Book Review: The End of Animal Farming (Jacy Reese, 2018)

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Price: ***
Ease of use: *****
Value for EAA be­gin­ners: *****
Value for EAA pros: ****

Dis­claimer: I work full-time for Sen­tience In­sti­tute. This post rep­re­sents en­tirely my own views, rather than those of my em­ploy­ers. Given that I work with Jacy, I am not the best per­son to write a re­view of the book, but I thought it was worth in­clud­ing the book on But Can They Suffer, so that the site can con­tinue to list re­views of books from mem­bers of the EAA com­mu­nity.

To some ex­tent, The End of An­i­mal Farm­ing has a dual au­di­ence: 1) an­i­mal ad­vo­cates seek­ing to in­te­grate the per­spec­tives and in­sights from the Effec­tive Altru­ism com­mu­nity and its re­search into their ad­vo­cacy; 2) those oth­er­wise not deeply en­gaged in an­i­mal ad­vo­cacy, who can benefit from un­der­stand­ing how an­i­mal ad­vo­cacy in­ter­acts with the wider goal of moral cir­cle ex­pan­sion, with the effec­tive al­tru­ism move­ment, and with cur­rent tech­nolog­i­cal de­vel­op­ments. I would guess it would be slightly more use­ful for the former than the lat­ter.

The book uses re­search from Sen­tience In­sti­tute and the wider an­i­mal ad­vo­cacy com­mu­nity. It cov­ers much of the same ground as the foun­da­tional ques­tions sum­maries and re­search posts, but the in­sights from pre­vi­ous work are in­te­grated into a nar­ra­tive form. In this sense, it is a com­fortable and en­joy­able read, which helps to fa­mil­iarise the reader with some of the cur­rent re­search in­sights, but also with many of the key “sci­en­tists, en­trepreneurs, and ac­tivists” in­volved in the pre­dicted end of an­i­mal farm­ing.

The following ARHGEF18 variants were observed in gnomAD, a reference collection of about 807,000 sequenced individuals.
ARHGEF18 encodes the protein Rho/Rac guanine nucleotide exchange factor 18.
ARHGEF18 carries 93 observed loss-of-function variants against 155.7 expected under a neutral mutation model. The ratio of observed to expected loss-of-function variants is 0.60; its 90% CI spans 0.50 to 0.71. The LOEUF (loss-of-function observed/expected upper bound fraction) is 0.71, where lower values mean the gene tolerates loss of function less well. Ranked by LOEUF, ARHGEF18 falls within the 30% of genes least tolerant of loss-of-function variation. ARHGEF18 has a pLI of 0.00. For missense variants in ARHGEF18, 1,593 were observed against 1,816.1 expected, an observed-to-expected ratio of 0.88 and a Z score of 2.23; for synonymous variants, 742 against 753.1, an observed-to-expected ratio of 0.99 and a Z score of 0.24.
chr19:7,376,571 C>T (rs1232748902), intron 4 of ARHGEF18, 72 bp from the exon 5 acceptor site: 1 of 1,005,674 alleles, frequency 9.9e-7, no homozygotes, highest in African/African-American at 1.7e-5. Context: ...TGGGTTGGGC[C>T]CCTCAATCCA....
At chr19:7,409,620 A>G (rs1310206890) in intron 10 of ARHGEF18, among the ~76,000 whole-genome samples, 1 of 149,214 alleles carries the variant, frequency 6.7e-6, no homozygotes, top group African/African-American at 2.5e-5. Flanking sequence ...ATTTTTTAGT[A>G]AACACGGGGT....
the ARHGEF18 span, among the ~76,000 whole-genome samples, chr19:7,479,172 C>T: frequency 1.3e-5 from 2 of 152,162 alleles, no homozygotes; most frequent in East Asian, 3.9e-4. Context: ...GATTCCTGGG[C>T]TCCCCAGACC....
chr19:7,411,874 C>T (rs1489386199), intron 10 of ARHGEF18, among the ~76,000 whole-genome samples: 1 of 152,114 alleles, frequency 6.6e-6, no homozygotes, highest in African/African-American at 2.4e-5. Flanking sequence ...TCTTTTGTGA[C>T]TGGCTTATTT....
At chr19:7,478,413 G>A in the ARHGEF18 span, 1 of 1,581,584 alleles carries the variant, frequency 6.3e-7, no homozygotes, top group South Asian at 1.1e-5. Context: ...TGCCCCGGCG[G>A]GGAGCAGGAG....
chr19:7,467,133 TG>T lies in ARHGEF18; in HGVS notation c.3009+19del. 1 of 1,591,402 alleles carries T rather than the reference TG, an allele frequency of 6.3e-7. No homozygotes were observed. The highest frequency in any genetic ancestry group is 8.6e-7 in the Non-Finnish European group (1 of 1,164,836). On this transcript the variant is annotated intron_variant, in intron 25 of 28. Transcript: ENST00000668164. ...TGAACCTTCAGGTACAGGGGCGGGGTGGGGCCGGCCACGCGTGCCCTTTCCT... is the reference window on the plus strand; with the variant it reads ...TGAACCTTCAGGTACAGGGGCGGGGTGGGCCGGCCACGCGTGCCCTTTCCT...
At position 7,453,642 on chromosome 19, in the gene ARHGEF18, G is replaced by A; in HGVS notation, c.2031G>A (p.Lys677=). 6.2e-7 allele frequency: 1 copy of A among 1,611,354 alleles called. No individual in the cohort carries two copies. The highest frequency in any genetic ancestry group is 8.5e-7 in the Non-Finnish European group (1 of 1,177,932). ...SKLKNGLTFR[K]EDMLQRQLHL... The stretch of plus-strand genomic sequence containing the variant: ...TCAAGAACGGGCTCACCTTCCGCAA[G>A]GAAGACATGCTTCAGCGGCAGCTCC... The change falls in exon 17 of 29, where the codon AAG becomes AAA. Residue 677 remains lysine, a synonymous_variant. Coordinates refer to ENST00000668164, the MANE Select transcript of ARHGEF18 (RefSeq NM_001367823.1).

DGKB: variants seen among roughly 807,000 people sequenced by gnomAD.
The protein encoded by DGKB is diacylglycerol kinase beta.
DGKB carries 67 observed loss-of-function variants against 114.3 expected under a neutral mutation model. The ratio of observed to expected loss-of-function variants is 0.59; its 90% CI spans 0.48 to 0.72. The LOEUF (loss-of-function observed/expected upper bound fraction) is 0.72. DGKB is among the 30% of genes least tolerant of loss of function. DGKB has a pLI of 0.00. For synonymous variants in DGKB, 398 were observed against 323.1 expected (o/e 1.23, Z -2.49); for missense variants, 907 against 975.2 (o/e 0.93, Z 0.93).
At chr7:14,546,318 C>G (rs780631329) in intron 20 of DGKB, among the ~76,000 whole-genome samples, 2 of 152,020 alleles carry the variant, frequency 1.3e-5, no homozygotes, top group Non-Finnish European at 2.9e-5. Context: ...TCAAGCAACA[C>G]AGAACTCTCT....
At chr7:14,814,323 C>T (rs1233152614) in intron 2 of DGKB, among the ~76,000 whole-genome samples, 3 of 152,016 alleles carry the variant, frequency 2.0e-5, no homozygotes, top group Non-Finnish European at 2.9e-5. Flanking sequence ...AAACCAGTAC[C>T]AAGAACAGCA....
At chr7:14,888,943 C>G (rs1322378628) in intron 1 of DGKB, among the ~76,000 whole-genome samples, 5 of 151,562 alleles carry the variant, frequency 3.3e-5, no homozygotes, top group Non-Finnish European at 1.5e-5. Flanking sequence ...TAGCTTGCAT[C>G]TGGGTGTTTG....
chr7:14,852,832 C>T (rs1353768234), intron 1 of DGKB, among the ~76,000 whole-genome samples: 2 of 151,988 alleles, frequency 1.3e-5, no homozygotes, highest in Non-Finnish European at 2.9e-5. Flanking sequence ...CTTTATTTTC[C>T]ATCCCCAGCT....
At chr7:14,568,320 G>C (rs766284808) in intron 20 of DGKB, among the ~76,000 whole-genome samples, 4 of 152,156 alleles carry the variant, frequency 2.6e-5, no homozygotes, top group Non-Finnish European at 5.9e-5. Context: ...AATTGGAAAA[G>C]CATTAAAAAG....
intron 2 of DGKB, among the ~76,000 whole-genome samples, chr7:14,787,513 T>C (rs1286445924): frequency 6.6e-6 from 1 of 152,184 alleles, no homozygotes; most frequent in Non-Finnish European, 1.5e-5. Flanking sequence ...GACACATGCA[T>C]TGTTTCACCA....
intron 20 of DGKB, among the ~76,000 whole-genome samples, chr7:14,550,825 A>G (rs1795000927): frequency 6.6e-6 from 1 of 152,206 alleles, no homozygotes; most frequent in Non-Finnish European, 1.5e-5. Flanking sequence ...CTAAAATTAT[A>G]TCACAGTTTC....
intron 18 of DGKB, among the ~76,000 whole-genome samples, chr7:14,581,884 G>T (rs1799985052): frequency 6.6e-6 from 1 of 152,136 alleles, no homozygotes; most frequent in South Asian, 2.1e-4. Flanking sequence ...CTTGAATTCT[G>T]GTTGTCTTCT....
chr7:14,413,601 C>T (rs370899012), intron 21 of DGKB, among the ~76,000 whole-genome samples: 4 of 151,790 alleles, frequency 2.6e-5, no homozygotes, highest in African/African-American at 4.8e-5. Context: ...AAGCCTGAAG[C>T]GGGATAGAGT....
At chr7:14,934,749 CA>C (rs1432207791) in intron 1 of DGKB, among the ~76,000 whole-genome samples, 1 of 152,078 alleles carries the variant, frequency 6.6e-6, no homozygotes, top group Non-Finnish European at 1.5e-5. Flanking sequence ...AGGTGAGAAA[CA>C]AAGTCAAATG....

Due to the more nar­ra­tive style than most of SI’s ma­te­ri­als, the book tends to read slightly more like a state­ment of Jacy’s cur­rent be­liefs in some key is­sues in an­i­mal ad­vo­cacy than as a neu­tral list of all rele­vant ar­gu­ments. Coun­ter­ar­gu­ments are still in­cluded, how­ever, and the book re­mains bal­anced and fair.

I would recom­mend TEOF as a fan­tas­tic in­tro­duc­tion to effec­tive an­i­mal ad­vo­cacy, above Cooney’s book, Change of Heart: What Psy­chol­ogy Can Teach us About Spread­ing So­cial Change. Cooney’s book is very use­ful, but is quite nar­row in its fo­cus and is dense with psy­cholog­i­cal stud­ies. TEOF has a broader fo­cus and is more read­able. Aside from the notes – which are of­ten worth read­ing – there’s only 164 pages.

For many already in­volved in an­i­mal ad­vo­cacy, the book will likely in­clude some ev­i­dence from less fa­mil­iar sources (from his­tor­i­cal so­cial move­ments to psy­chol­ogy stud­ies) or broader per­spec­tives on the farmed an­i­mal move­ment which in­cor­po­rate wild an­i­mals and longer-term fu­ture con­sid­er­a­tions. If you are already very up-to-date with effec­tive an­i­mal ad­vo­cacy re­search and Sen­tience In­sti­tute’s work, there may not be many par­tic­u­larly sur­pris­ing in­sights in the book, al­though you will likely en­joy read­ing it. You may also find some of the dis­cus­sion and re-phras­ing of fa­mil­iar is­sues to be use­ful, or gain in­sight into less fa­mil­iar is­sues (for me, a good ex­am­ple was a dis­cus­sion of how to frame mes­sages to ap­peal to more con­ser­va­tive au­di­ences).

Over­all, an ex­cel­lent book for a va­ri­ety of au­di­ences.

If you’d like to see more crit­i­cal, ex­ter­nal re­view, see here, al­though I’ll note that I don’t re­ally agree with the crit­i­cisms.

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